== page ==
In this morning's wrap-up post, I mentioned Rep. Justin Amash's touchdown dance at his election night party. Belatedly, I see that there were several cameras rolling as Amash went brutal on his defeated foe Brian Ellis, and former Rep. Pete Hoekstra, who supported Ellis.
The point-scoring continued when Amash talked to local reporters, calling himself a representative "for all Americans," and saying Ellis had "the audacity to call me up and try to make nice."
Bloomberg's team is out with a great story about the total cost of the efforts by the Chamber of Commerce, et al. to clear the decks for their preferred candidates. Had they slept on the campaigns, the GOP might have a tougher Senate race in Mississippi; Kansas' Senate race would at least be marginally embarrassing; a less electable candidate might have made it into the Georgia runoffs. But the chamber's highly touted campaign to beat Amash made a bolder enemy out of someone who is very young and has recently figured out how to get his point across in national media. Not the best investment.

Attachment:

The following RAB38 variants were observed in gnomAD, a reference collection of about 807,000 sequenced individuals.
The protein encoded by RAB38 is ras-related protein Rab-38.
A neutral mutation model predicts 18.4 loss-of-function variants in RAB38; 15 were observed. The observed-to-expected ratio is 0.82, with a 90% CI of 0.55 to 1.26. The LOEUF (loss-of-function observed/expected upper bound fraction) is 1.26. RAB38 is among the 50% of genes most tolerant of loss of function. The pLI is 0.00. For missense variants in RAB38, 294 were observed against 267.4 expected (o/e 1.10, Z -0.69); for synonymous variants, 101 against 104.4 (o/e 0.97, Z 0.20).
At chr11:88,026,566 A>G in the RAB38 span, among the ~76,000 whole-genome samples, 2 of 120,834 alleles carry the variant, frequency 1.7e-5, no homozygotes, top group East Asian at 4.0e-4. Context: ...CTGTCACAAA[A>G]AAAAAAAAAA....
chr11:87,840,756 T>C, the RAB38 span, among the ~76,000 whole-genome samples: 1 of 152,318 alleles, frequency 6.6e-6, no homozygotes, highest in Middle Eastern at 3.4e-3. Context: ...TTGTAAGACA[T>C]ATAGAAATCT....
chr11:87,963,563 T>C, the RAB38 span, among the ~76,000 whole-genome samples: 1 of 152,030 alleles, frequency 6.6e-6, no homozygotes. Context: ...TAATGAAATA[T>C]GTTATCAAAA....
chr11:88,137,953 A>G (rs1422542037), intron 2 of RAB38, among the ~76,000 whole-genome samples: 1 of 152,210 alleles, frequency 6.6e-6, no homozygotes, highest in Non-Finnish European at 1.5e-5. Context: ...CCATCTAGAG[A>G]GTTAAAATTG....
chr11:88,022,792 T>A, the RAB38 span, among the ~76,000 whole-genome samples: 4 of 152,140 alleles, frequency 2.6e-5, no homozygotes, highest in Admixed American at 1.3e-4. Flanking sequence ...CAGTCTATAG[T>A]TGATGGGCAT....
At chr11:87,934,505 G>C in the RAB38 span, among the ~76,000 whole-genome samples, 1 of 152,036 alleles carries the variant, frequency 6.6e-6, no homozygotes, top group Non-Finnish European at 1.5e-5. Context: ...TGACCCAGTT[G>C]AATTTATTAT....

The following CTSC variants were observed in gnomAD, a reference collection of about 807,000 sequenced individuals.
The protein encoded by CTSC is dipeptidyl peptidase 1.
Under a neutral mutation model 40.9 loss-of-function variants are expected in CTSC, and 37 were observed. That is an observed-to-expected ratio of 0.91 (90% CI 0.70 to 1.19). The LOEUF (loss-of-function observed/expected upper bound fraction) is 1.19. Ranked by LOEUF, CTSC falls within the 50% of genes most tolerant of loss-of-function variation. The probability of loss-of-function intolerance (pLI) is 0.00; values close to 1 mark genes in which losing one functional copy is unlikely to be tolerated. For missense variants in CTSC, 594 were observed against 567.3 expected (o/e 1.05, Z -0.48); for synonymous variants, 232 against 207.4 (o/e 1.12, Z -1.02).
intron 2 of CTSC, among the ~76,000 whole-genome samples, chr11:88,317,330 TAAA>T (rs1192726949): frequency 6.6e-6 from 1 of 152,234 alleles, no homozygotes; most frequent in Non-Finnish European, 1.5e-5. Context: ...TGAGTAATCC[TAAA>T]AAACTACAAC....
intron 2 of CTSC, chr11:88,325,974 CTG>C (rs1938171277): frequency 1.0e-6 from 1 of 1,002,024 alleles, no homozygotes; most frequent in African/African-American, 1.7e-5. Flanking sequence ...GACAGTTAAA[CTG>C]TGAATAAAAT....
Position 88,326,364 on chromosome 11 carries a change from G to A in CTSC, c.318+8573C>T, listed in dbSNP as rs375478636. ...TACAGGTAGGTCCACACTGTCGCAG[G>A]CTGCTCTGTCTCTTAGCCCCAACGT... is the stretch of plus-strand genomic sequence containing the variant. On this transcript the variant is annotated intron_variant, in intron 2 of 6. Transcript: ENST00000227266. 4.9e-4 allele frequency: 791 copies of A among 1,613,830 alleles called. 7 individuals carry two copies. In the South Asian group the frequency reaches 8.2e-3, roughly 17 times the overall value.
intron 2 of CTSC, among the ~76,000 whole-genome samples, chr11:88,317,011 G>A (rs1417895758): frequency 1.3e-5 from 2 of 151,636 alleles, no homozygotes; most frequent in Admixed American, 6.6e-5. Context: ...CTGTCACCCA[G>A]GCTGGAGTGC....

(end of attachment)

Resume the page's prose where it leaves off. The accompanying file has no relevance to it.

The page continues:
TODAY IN SLATE
More Than Scottish Pride
What Charles Barkley Gets Wrong About Corporal Punishment and Black Culture
Why Greenland’s “Dark Snow” Should Worry You
Three Talented Actresses in Three Terrible New Shows
Why Do Some People See the Virgin Mary in Grilled Cheese?
The science that explains the human need to find meaning in coincidences.
Happy Constitution Day!
Too bad it’s almost certainly unconstitutional.